Addiction recovery center offers support for addicts and loved ones

Tara, an Australian Shepard and Great Pyrenees mix, shakes hands with her owner, causing the students surrounding her to break into smiles at the BARC event. Liesje Powers | Multimedia Editor

By Madalyn Watson | Reporter

In honor of International Overdose Awareness day this past Friday, Baylor’s Beauchamp Addiction Recovery Center (BARC) held a memorial for those who lost their lives to overdoses.

From 11 a.m. to 2 p.m., student volunteers and staff members at the BARC sat outside in the hot sun handing bracelets, pins, water and popsicles out to anyone who was interested.

“The idea of the event is to give people that space for reflection and to prevent it from happening in the future,” said Lilly Ettinger, assistant director of wellness and recovery at the BARC.

Outside the BARC, there was a dry erase board for students to memorialize their loved ones and for statistics and information on the signs of overdose.

“We can help remember and honor those who have overdosed,” said Stanton Corley, recovery support coordinator at the BARC said. “We decided it would be pretty cool to write their names on our wall and provide the opportunity for students to come by and if [students] have been impacted by someone overdosing to write their names on the wall.”

In addition to being a day of remembrance, International Overdose Awareness day educated students on addiction aand what the BARC can do to help them.

“Anybody who is in recovery, seeking recovery, pursuing recovery or considering recovery from any addiction disorder — porn, sex, eating disorders, gambling, self-harm, they all belong,” Ettinger said. “Anybody who has a family member or friend who has struggled with addiction. Anybody who is sober for any reason and wants to be part of a sober community, they belong.”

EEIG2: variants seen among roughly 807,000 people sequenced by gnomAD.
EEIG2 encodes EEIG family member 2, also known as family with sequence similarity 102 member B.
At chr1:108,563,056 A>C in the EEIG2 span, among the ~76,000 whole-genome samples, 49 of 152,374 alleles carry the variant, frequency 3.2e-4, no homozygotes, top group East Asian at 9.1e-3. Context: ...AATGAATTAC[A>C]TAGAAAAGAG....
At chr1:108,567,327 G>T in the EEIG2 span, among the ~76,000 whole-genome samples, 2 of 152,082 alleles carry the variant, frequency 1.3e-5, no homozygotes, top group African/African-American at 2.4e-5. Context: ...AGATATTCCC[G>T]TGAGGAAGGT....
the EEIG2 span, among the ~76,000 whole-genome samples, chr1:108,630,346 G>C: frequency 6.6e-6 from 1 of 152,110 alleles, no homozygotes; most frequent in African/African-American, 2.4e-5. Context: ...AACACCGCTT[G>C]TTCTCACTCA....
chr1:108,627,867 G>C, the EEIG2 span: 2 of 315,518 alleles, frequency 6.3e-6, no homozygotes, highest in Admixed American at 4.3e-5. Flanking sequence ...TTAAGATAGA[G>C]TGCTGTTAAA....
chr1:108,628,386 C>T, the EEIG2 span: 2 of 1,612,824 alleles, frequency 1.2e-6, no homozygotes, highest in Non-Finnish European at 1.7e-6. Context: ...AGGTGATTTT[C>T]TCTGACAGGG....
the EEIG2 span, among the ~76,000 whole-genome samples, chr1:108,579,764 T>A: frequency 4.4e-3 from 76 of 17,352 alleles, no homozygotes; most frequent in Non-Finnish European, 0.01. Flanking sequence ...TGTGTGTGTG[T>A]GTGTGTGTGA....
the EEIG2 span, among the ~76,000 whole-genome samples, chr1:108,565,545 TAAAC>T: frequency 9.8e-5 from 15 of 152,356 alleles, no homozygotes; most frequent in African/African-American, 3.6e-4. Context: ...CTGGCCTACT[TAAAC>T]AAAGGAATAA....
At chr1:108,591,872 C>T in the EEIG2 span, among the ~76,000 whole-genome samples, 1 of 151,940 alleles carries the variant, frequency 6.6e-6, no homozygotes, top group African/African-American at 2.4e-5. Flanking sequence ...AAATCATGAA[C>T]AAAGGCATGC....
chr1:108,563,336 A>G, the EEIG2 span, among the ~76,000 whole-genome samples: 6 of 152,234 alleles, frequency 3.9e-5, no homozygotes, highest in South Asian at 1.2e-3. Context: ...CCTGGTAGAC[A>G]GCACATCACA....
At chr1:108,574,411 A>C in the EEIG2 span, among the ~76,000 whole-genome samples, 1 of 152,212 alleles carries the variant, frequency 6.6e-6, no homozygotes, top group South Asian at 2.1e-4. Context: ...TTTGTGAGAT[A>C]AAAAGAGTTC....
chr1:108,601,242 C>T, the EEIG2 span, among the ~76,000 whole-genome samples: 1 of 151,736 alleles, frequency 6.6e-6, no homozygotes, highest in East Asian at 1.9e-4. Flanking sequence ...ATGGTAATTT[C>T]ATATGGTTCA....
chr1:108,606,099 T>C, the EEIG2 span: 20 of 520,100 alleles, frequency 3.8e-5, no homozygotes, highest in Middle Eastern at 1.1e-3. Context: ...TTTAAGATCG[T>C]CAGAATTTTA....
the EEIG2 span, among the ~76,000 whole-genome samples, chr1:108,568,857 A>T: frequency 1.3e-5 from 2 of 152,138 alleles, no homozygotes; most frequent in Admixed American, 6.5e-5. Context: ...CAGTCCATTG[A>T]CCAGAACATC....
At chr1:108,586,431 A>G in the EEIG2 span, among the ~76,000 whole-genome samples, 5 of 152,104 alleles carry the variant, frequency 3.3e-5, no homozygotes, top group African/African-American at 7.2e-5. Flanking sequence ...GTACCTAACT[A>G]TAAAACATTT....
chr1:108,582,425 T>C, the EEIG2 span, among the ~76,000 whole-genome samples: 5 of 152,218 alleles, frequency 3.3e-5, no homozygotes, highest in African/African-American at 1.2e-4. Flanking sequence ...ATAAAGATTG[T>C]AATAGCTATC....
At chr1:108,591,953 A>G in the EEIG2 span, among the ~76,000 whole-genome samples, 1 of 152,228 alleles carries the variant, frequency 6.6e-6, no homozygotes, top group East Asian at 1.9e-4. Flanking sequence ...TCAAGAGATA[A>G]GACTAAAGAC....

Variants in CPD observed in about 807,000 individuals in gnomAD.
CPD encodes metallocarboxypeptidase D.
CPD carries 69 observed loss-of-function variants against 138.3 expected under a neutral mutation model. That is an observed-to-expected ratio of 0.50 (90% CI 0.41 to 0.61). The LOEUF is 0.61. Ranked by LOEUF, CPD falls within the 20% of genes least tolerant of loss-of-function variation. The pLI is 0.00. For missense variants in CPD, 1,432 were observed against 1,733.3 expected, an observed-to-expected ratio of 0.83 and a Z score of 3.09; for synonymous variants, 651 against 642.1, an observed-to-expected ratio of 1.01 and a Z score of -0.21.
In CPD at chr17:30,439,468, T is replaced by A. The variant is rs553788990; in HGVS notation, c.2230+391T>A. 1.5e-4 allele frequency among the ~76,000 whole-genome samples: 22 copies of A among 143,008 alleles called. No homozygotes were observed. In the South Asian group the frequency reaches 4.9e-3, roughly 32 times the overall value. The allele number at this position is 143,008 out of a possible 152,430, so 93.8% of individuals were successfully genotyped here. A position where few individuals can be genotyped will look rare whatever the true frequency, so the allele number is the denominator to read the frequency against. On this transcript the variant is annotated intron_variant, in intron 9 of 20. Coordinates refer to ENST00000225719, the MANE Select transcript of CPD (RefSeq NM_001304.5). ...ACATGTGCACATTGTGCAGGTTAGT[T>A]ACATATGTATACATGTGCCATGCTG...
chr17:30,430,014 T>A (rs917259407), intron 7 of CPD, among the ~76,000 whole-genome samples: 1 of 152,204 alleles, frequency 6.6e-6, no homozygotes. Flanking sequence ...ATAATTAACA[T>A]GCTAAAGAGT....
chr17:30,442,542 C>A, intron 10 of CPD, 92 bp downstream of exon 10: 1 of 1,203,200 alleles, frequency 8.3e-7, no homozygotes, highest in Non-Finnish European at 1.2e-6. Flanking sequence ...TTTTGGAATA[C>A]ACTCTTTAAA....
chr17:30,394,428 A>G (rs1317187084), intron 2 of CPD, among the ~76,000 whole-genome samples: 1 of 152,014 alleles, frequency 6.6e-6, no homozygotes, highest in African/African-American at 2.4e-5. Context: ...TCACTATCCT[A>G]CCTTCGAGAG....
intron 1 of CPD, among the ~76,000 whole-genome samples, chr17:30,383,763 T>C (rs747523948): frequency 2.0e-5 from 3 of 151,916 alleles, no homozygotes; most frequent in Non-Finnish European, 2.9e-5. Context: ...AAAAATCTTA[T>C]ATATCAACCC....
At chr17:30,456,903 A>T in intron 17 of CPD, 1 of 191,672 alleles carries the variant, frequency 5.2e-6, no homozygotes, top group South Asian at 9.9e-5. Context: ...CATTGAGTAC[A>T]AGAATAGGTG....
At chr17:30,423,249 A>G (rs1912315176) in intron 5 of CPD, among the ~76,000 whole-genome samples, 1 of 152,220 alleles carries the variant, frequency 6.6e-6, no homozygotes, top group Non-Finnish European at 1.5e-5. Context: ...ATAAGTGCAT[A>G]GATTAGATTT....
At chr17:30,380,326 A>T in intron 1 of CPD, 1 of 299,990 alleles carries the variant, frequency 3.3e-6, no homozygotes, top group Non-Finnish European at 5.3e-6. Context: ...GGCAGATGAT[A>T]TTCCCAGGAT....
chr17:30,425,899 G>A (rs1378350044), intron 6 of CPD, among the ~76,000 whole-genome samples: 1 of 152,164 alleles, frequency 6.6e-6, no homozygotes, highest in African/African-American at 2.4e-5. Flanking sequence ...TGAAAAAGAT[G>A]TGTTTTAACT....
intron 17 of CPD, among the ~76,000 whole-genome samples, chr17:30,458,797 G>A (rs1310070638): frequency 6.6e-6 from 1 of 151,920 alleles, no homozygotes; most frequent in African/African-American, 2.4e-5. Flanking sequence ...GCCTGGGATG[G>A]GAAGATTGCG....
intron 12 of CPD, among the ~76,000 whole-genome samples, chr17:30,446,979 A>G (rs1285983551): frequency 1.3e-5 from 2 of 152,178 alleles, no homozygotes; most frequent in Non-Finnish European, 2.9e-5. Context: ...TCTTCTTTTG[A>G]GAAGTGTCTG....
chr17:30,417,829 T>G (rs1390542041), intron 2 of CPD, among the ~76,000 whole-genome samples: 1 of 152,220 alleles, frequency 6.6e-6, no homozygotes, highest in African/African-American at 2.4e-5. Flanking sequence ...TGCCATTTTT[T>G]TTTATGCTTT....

The BARC offers many resources and events to students, such as Alcoholic Anonymous meetings, prayer sessions, yoga lessons and a like-minded community.

“The BARC is a place for whatever kind of recovery or help that you need,” said Candace Allen, ministry associate at the BARC and a graduate student from George W. Truett Theological Seminary. “Even though we are an addiction and recovery center, it’s really just another support for students.”

Allen works with students at the BARC in more than just a religious sense. She saiid she believes that faith does not have to be a part of recovery, but it can be a tool that some students can rely on.

“When I started working here, I would tell people that wellness is about not only the physical and the emotional, the mental and the spiritual health of a person,” Allen said.

Volunteers from Angel Paws were at the BARC, accompanied by Roediger, the seven-year-old Shih-Tzu, and Tara, the seven-year-old Australian Shepherd/Great Pyrenees. Students walking by the BARC came in to meet and pet the dogs.

“I brought [my] great dane up here to work last week and what happened was throughout the day probably over twenty people were in my office,” Corley said. “What it created was this space where people just want to pet dogs. It’s fascinating.”

International Overdose Awareness Day aims to change the stigma associated with drug-related death.

“In the state of Texas, it’s not mandatory for a medical examiner to view the deaths. In many counties, like ours, often times if a overdose is suspected, the judge who signs the death certificate will not request any form of investigation, so the death does not get properly categorized as an overdose death,” Ettinger said.

Ettinger explained why the stigma associated with alcohol and drug addictions stems from the words we use to describe them.

“We have changed the language about alcohol and drug use and misuse. The AP style book changed last year, they no longer use the word abuse. I’m a huge fan of that. Because we don’t call eating disorders, food abuse. We don’t call gambling disorders, luck abuse” Ettinger said. “Diagnostically we changed changed the language, but we never did a good job in terms of calling people out.”

Corley said he believes that once this stigma surrounding drug addiction changes then asking for help will be seen as courageous and more people will seek treatment.

“A key to unlocking the floodgates for students to come and get help is reducing stigma related to substance use disorder and alcohol use disorder,” Corley said. “Over 90 percent of college students who suffer from substance use disorder or alcohol use disorder never reach out for help. Why is that? I think it’s primarily because of stigma.”

If a student or their loved one is struggling with addiction, the BARC accepts walk-ins to discuss recovery. There is also an option to set up an appointment on their website.